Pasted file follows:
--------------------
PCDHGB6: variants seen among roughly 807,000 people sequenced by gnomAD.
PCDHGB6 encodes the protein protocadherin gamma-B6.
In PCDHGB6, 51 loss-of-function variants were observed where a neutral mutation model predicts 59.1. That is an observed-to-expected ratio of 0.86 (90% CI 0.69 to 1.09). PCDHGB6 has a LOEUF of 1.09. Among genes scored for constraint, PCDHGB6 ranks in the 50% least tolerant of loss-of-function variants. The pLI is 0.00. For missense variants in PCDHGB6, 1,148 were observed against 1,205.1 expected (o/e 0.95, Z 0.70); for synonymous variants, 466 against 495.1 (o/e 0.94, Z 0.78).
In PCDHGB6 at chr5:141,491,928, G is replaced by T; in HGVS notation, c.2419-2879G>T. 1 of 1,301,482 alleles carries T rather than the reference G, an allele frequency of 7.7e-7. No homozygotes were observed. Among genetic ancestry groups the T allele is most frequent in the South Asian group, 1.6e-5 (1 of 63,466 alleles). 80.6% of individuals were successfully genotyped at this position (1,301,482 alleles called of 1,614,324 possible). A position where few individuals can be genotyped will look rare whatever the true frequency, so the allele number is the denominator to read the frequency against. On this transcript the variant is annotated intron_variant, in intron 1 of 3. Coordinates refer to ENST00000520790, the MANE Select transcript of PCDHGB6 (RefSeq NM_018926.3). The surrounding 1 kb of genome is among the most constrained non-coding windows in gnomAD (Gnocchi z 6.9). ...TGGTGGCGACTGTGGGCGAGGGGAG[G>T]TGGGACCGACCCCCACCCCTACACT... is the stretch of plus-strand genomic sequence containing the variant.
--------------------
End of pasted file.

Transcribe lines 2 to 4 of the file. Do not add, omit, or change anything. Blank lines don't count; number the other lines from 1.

PCDHGB6 encodes the protein protocadherin gamma-B6.
In PCDHGB6, 51 loss-of-function variants were observed where a neutral mutation model predicts 59.1. That is an observed-to-expected ratio of 0.86 (90% CI 0.69 to 1.09). PCDHGB6 has a LOEUF of 1.09. Among genes scored for constraint, PCDHGB6 ranks in the 50% least tolerant of loss-of-function variants. The pLI is 0.00. For missense variants in PCDHGB6, 1,148 were observed against 1,205.1 expected (o/e 0.95, Z 0.70); for synonymous variants, 466 against 495.1 (o/e 0.94, Z 0.78).
In PCDHGB6 at chr5:141,491,928, G is replaced by T; in HGVS notation, c.2419-2879G>T. 1 of 1,301,482 alleles carries T rather than the reference G, an allele frequency of 7.7e-7. No homozygotes were observed. Among genetic ancestry groups the T allele is most frequent in the South Asian group, 1.6e-5 (1 of 63,466 alleles). 80.6% of individuals were successfully genotyped at this position (1,301,482 alleles called of 1,614,324 possible). A position where few individuals can be genotyped will look rare whatever the true frequency, so the allele number is the denominator to read the frequency against. On this transcript the variant is annotated intron_variant, in intron 1 of 3. Coordinates refer to ENST00000520790, the MANE Select transcript of PCDHGB6 (RefSeq NM_018926.3). The surrounding 1 kb of genome is among the most constrained non-coding windows in gnomAD (Gnocchi z 6.9). ...TGGTGGCGACTGTGGGCGAGGGGAG[G>T]TGGGACCGACCCCCACCCCTACACT... is the stretch of plus-strand genomic sequence containing the variant.